The Tory treasurer, who lives in America, was thinking of buying into the island's sugar business at the time, in 1994. Then, Cuban sugar was sold mainly to the Soviet Union, but the industry suffered after the latter's collapse and the billionaire abandoned his plans.
If Mr Ashcroft had been an American he would have been barred from business with Cuba under US law, but he is a citizen of the United Kingdom, Belize and the Turks and Caicos.
Mr Ashcroft, whose main home is in Florida, took the four MPs - Sir Tom Arnold, Jacques Arnold, Andrew Rowe and Richard Tracey - to Cuba, Panama and the Turks and Caicos. Sir Tom Arnold left and the other MPs went on to Belize.
Mr Rowe, member for Faversham and Mid-Kent and the only one still an MP, said the trip changed his view of the American trade embargo. "We talked to Cubans and it became perfectly clear that if the Americans lifted the sanctions the vast majority of people would much prefer to do trade with the US," he said.
Jacques Arnold, who lost his Gravesham seat at the 1997 general election, said he had an interest in Latin America. Mr Ashcroft had showed the MPs a rice mill on Grand Turk and an orange-juice processing plant in Belize whose product was exported to the US, Mr Arnold said. He was hoping to set up a project in Cuba, possibly growing and processing sugar cane.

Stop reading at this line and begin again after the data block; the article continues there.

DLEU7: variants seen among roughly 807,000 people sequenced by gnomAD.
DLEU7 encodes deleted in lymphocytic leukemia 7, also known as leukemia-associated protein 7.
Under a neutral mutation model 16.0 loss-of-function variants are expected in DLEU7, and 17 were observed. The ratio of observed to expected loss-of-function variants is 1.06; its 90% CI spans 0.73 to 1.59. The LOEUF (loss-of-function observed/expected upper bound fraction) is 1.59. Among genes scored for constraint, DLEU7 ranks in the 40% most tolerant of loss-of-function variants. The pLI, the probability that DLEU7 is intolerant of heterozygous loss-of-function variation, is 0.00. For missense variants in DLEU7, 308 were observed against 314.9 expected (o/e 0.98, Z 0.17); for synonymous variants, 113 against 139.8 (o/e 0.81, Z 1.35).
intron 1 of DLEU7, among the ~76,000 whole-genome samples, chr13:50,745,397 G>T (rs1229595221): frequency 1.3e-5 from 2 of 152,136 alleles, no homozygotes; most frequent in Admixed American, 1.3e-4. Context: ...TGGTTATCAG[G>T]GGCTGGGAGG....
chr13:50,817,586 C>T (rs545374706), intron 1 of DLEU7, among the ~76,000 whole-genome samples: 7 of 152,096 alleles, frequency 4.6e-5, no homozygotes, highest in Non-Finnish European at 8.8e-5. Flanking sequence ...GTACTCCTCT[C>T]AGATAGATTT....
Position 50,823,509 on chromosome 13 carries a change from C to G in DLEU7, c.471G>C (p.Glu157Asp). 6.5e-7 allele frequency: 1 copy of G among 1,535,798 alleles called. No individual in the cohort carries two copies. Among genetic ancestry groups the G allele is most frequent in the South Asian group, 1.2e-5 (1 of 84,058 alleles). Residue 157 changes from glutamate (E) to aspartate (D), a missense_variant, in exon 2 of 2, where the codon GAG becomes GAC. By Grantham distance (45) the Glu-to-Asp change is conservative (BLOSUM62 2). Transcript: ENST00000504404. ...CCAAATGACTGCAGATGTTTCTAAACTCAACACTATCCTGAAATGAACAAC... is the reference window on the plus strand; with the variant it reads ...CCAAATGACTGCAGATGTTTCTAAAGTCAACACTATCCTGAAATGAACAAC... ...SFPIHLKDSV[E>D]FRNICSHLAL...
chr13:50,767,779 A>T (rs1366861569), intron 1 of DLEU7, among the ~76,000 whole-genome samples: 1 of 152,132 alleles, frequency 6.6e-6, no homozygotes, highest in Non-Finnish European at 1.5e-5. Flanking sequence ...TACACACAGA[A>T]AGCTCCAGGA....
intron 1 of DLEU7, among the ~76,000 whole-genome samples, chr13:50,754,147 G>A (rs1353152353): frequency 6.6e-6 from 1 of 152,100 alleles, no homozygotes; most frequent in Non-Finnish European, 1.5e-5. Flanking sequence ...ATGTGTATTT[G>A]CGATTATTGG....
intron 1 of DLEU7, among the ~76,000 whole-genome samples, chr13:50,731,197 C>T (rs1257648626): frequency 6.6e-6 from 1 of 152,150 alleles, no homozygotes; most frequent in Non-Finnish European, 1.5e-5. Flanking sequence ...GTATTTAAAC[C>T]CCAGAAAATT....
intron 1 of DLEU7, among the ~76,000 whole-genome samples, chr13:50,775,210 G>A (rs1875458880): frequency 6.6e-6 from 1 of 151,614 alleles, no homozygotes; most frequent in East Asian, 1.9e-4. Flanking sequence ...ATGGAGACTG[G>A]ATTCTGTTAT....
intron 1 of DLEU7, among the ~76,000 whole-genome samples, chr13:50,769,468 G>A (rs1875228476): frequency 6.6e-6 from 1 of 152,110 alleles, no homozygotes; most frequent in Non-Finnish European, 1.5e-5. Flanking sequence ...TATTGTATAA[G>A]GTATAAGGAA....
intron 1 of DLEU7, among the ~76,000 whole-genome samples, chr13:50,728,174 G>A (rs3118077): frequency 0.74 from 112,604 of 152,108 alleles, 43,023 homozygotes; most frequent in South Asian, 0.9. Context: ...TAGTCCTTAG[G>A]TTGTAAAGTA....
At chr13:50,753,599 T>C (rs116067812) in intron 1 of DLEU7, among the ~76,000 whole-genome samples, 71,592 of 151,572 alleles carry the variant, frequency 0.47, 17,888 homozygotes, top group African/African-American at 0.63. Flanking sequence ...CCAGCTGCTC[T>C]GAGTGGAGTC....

Mr Arnold said he had long been an opponent of the American trade sanctions on Cuba and spoke several times on the subject in the Commons.
Yesterday, Jack Straw, the Home Secretary, confirmed a report in The Independent last week that Mr Ashcroft, a tax exile, could be banned from making big donations under a shake-up of party funding to be unveiled tomorrow.
Mr Straw told Peter Sissons on BBC TV's Breakfast with Frost programme that foreigners living abroad who had "no connection" with Britain should be banned from donating but government plans were "not directed at individuals".
Mr Ashcroft has said it was "appalling" that The Times newspaper had omitted a paragraph from a letter to it by David Mackilligin, Britain's former High Commissioner in Belize, backing a Tory inquiry into claims that he used his links with the previous Tory government to protect his financial interests in Belize.
The crucial paragraph said "access should not be confused with the wielding of improper influence. I never received any evidence whatsoever that there was any of the latter".Reuse content